In a renovated ironworks factory on Pioneer St. in Red Hook, Brooklyn, you might stumble on the glass studio of California-born artist Dustin Yellin. That’s the premise at least, for a scene I saw in a movie recently where actress Kiersey Clemons does just that. The movie is Hearts Beat Loud (2018) by director Brett Haley, starring Clemons and Nick Offerman.
Much like the character Clemons plays, I was immediately struck by Yellin’s sculptural work on display. The only difference being, I recognized it. I was suddenly perched forward in my seat, my bowl of popcorn temporarily forgotten, as I absorbed every detail on screen, every word spoken. The scene in question felt significant to me. I often see artists discussed in cinema, but the medium tends to be photography or paint on canvas. As I grow more and more interested in glass, I’ve begun noticing it in movies, like an ad executive might notice product placement. But glass is always in the background, staged purely for decoration or functionality: a beautiful vase perhaps, or a decorative platter standing boldly on a stand.
But here we have the work of a contemporary glass artist being viewed and discussed constructively by characters central to the movie’s plot. Clemons and fellow actress Sasha Lane, whose character works at the studio, bond over the artwork, they study its details and respond to its prompts. It doesn’t just feel significant, it is significant. And, did I mention the movie has Nick Offerman? The highly loveable Nick Offerman from Parks and Recreation!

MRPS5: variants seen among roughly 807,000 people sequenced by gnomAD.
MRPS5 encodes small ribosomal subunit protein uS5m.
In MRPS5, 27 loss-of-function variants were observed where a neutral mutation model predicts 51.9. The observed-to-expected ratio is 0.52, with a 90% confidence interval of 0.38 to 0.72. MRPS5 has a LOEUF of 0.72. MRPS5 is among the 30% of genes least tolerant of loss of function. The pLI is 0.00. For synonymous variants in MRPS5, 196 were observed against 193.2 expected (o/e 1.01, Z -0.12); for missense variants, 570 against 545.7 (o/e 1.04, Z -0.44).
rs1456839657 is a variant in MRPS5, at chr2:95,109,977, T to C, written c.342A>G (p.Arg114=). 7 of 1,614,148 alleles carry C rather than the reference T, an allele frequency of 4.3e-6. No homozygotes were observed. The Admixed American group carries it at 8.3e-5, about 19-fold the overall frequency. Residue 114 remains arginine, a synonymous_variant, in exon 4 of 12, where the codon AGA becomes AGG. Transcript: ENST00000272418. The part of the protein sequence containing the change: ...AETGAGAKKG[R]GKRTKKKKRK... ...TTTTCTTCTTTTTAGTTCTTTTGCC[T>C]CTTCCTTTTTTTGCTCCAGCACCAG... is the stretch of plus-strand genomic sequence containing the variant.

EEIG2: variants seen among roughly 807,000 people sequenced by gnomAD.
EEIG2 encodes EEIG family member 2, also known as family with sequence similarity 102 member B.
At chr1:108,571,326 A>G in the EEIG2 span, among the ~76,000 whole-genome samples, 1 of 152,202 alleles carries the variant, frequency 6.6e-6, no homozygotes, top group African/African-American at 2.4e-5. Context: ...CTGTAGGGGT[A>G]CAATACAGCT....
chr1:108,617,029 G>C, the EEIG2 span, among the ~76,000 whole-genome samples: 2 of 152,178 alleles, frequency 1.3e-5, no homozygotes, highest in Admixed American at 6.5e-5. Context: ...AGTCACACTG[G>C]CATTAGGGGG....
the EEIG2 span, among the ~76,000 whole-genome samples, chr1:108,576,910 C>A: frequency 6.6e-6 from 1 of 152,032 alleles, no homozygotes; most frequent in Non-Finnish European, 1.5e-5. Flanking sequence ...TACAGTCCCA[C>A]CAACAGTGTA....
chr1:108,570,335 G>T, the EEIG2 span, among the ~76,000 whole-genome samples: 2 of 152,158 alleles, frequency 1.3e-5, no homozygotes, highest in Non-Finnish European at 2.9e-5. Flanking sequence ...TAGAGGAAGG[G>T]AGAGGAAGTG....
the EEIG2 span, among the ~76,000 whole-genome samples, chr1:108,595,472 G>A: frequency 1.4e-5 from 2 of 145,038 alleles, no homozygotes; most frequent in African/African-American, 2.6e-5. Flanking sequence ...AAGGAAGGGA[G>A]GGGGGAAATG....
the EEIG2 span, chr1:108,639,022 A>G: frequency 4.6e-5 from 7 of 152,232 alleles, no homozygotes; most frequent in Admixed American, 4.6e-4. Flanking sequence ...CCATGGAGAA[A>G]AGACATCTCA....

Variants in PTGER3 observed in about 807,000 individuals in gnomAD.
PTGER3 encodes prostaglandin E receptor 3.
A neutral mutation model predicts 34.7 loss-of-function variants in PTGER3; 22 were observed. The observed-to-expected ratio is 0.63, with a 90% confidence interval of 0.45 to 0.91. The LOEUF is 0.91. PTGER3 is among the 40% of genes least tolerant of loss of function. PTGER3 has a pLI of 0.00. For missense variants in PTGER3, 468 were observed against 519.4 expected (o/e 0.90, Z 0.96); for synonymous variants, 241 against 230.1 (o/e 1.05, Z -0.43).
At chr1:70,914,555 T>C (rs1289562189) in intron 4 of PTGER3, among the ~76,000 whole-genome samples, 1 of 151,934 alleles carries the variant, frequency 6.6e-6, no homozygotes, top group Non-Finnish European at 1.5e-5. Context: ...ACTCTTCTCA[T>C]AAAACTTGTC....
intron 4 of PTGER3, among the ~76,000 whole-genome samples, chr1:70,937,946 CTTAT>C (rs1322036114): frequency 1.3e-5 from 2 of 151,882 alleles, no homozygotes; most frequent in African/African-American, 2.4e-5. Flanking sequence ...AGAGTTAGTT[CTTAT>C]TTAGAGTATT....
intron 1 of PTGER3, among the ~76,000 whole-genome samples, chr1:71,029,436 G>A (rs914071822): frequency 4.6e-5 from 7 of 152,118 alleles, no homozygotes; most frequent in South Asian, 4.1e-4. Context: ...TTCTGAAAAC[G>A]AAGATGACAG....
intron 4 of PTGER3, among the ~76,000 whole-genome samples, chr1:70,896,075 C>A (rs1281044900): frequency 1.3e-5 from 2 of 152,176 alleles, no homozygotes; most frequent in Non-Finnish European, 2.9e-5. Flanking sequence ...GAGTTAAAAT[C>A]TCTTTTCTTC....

I’m familiar with Yellin’s work because I had the pleasure of first experiencing it at The Corning Museum of Glass in 2019. His piece Cephaloproteus Riverhead (Four Hearts, Ten Brains, Blue Blood Drained Through an Alembic) was selected for the Museum’s major exhibition that year, New Glass Now. But don’t worry, if you missed it then, the Museum has since acquired the piece—along with many others from the exhibition—meaning it will stay on view for the foreseeable future. Good news for our Collections Management team. Standing 5’ 9” tall, Yellin’s enormous work is just as heavy as it looks, and no easy feat to move.
In Yellin’s work, there is always much to see, and this piece is no exception. As you approach, hundreds of intricate details come into focus. Yellin has assembled a collage of tiny people, aquatic animals, food, and other assorted things cut from magazines and books and placed them, layer by layer, between heavy sheets of glass to form a dream-like landscape. Cascading waterfalls teeming with blue tang and angelfish flow between floating rock forms where the hand-painted flora is verdant. A maze of turquoise canals lined by skyscrapers connects islands of civilization. A plethora of little figures clambers over everything, climbing ropes toward a flaming orange sun at the center of the artwork. Meanwhile, near the top, we find an octopus floating in a tank while a solitary rain cloud hovers overhead. It is a strange but thrilling environment to be sure.